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Mount Qaf is an elaborate setting for The Lost Crown, encompassing ancient temples, catacombs, royal libraries, caverns, and more. It was once the heart of the kingdom but has fallen into disrepair following the death of the wise King Darius. And as a cursed mountain, the few remaining inhabitants talk as if they are living outside of the sequential flow of time, frequently referencing things that happened either too long ago, or not yet.

This narrative supports the three main pillars of gameplay: combat, platforming, and puzzle-solving. Mount Qaf is rife with monsters and the shambling remains of guards, and the lore establishes that it was built with death traps and puzzles to keep out invaders and protect the king. What’s most striking about these pillars is that, while each of them are refined and essential pieces in themselves, the blend of all three together lets you flex different gameplay muscles as you switch from combat to platforming to puzzles at a brisk pace.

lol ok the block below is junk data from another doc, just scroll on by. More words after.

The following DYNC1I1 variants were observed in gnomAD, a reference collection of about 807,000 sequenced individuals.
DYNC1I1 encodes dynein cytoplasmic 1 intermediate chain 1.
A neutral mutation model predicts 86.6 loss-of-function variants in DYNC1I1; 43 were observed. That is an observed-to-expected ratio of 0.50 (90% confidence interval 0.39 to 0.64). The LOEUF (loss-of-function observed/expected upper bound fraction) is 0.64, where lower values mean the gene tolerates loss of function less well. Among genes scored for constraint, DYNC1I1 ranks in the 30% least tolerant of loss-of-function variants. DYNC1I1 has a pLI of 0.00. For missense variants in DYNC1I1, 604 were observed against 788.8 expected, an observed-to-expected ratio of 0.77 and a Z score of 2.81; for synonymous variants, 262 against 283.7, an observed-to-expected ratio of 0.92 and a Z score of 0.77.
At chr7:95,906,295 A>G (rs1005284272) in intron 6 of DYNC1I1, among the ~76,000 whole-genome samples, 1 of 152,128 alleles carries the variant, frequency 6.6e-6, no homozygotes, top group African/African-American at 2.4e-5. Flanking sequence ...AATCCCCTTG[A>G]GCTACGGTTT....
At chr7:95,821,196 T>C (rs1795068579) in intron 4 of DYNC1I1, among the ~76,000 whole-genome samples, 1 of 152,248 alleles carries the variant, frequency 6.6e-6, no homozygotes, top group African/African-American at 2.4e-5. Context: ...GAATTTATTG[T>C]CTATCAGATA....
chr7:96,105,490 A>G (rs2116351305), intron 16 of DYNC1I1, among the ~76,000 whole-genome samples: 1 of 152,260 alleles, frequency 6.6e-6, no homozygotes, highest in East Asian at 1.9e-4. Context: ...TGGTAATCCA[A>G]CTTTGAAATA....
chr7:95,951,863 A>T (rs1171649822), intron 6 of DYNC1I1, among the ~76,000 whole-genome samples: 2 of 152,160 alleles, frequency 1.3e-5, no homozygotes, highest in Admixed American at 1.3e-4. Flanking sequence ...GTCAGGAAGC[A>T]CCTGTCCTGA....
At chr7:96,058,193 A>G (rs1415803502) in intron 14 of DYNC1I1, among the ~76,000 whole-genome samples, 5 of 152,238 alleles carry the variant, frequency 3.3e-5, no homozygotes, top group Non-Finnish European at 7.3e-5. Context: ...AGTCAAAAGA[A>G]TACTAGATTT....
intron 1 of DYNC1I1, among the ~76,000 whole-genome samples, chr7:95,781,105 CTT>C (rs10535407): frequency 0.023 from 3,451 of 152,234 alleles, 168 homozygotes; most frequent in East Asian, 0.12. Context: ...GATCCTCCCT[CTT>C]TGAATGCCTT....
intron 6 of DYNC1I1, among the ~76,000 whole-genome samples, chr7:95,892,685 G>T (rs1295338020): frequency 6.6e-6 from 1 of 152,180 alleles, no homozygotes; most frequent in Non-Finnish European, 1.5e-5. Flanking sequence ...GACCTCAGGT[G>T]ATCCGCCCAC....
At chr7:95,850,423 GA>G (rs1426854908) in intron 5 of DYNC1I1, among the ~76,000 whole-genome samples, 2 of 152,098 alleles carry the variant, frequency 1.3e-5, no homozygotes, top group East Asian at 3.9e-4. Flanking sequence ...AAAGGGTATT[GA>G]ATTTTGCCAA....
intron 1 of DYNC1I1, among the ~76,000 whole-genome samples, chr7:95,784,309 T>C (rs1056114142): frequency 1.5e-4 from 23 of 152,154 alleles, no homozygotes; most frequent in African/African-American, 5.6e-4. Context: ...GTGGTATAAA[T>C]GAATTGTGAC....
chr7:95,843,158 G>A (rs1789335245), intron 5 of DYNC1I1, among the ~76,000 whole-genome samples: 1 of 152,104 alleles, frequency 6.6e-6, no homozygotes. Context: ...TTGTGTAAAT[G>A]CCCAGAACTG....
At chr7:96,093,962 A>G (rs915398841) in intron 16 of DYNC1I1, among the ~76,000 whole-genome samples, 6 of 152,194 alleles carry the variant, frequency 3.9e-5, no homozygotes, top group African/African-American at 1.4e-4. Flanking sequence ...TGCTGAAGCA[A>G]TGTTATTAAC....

Combat is snappy and challenging, giving you a suite of attacks, dodges, and parries and then slowly peppering in new combat abilities, letting you find inventive ways to incorporate your traversal skills into your ever-expanding arsenal. The ability to create a shadow-copy that you can teleport to has obvious traversal implications, for example, but it also gets specialized combat functions as well. What begins as a fairly simple 1-2-3 timed combo system with some light parrying quickly turns into an acrobatic tour de force as you manage the battlefield with deadly grace. Boss battles are massive spectacles, ranging from chipping at enormous beasts to dueling formidable human foes with anime-inspired finishers to your special attacks. And hitting a perfect counter rewards you with not just damage, but the satisfaction of seeing a unique cinematic flourish that is tailored to each enemy.